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Israel’s En Gibton is fountain of youth to polluted water wells
Posted By Karin Kloosterman On April 10, 2008 @ 9:26 am In | No Comments
EnGibton’s CEO Rafi Nevo: “It’s medium-tech cleantech.”Americans have growing concerns over organic chemicals such as birth control pills and fertilizers contaminating their water wells. More recently the dangers of inorganic compounds such as perchlorate, a byproduct of rocket fuel, have trickled into the headlines and consciousness in America.
Israel’s En Gibton, named after a centuries’ year old water fountain outside the Israeli city of Rehovot, plan on making America’s drinking water cleaner and safer.
Developed by scientists at Hebrew University, En Gibton’s main product is ClayMix, a filtration compound made from clay and natural organic materials. The ClayMix attracts negative and neutrally-charged organic and inorganic ions, and locks them away on its microscopic cup-shaped surface.
The cost-effective solution uses environmentally-friendly raw materials and achieves the highest efficiency in removing dissolved organic matter in brackish waters, reports the company.
“It’s medium-tech cleantech,” says En Gibton’s CEO Rafi Nevo to ISRAEL21c. Nevo also heads TreaTec 21 Industries, a company specializing in advanced electrochemical water purification systems.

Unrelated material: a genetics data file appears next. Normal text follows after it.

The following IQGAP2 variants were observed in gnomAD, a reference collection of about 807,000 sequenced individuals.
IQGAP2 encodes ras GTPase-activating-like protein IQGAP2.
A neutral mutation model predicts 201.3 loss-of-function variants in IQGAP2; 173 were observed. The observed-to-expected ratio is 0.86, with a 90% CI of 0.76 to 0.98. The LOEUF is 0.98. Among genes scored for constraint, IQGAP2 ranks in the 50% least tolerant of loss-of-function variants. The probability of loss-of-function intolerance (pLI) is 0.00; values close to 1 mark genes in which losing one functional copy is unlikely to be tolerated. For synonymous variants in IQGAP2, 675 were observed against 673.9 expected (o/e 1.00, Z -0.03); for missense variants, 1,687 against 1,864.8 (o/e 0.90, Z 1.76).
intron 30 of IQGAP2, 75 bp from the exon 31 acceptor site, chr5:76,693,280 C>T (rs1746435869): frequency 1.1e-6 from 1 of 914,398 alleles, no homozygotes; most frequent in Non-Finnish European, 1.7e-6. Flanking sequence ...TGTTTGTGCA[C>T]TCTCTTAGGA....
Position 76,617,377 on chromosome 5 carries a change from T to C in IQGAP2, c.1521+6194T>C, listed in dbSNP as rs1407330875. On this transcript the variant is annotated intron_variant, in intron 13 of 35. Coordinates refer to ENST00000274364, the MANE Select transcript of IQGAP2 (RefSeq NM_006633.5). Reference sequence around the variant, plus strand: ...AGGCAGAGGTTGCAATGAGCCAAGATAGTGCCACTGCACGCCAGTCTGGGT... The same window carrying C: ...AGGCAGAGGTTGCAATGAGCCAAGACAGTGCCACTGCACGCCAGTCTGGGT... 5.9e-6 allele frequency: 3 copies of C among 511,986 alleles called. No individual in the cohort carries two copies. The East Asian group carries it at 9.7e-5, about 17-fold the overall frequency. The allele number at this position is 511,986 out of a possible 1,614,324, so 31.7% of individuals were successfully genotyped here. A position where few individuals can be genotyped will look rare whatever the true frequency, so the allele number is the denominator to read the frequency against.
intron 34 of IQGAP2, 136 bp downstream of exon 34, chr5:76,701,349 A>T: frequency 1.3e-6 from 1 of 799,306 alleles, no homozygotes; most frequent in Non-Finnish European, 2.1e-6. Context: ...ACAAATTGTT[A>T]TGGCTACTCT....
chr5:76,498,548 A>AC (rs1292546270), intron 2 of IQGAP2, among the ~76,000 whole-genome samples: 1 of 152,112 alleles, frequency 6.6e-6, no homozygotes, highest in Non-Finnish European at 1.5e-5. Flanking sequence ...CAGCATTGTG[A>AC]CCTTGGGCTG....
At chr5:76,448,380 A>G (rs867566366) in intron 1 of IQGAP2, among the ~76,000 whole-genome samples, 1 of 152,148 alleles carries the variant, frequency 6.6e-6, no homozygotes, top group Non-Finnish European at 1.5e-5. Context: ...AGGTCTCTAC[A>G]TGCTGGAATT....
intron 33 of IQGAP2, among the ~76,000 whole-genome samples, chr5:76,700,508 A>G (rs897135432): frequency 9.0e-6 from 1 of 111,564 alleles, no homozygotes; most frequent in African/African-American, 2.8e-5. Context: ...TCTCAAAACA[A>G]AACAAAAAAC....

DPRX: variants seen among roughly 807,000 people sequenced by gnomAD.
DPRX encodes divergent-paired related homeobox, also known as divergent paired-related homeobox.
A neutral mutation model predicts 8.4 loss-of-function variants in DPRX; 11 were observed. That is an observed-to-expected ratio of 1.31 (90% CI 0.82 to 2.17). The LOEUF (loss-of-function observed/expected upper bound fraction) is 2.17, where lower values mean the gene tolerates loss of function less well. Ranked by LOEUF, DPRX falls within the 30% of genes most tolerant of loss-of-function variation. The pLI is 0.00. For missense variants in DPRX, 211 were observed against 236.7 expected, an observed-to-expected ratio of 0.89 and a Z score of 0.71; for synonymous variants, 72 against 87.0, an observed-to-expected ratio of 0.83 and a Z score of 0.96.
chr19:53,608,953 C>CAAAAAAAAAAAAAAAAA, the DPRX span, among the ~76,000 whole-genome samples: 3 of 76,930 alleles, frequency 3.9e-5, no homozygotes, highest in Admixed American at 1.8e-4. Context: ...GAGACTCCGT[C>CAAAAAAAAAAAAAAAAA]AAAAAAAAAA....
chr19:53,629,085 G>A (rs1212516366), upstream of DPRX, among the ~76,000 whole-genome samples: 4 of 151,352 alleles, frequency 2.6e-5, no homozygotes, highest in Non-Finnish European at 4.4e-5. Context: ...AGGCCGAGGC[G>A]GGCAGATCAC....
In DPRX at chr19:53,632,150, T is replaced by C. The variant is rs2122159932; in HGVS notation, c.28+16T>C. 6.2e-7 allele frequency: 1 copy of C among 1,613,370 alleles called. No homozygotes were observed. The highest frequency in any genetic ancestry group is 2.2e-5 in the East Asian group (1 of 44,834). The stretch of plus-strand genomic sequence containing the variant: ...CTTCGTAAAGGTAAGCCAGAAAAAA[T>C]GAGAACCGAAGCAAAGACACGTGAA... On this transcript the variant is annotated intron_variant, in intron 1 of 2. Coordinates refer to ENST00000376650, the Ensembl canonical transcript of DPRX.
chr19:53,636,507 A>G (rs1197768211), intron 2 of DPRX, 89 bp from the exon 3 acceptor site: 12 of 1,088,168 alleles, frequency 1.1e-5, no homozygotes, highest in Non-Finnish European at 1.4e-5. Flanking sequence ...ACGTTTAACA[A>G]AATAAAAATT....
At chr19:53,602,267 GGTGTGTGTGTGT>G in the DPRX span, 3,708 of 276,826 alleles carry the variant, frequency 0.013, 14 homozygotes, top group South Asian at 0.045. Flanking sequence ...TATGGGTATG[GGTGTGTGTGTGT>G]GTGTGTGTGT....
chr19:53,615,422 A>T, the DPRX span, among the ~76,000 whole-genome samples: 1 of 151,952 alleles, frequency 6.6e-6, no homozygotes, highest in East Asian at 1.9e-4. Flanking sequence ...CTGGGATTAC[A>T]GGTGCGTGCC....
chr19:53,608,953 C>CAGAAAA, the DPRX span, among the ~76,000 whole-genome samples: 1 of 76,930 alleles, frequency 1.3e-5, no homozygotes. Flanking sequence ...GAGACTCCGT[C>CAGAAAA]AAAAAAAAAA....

What’s especially attractive about ClayMix, he says, is that the groundwater, surface water and wastewater treatment solution requires virtually no input of energy – just electricity to pump the water through the system.
Contaminated water is an acute and growing problem around the world. ClayMix, however, claims that it has the power to sequester up to 99 percent of its targeted contaminants, such as pharmaceuticals and fertilizers, from water, versus a 60% success rate in the industry standard carbon-based solution.
As populations grow and industrial and military processes increase, more and more American underwater wells and aquifers are becoming polluted. More recently, perchlorates in America have entered the environmental hazard radar, especially in regions such as Colorado.
“Perchlorates found in the Colorado River area can accumulate in breast milk, dairy milk and lettuce leaves and is known to affect the thyroid,” says Nevo, noting that water treatment facilities in Colorado are on his check-list for potential US-based pilot plants of En Gibton’s solution.
Founded in 2005, En Gibton is located in Ashkelon at the Ashkelon Technological Industries Incubator. The company is also supported by Israel’s national water utility via the company WaTech, which has been beta testing En Gibton’s technology in Israel.
En Gibton has tested the ClayMix solution in laboratories on organic contaminants and is currently treating Israeli water wells from perchlorates with great success. This issue of perchlorates is a global concern, says Nevo. And shutting down wells that are contaminated can only be a temporary solution.
“Perchlorates bind to the water,” he says, “they stay there and accumulate. It’s expanding and dispersing, so it’s not clever to shut down a well. [The water] has to be treated. Our solution makes it possible to reopen these wells and prevent the closure of operating wells.”
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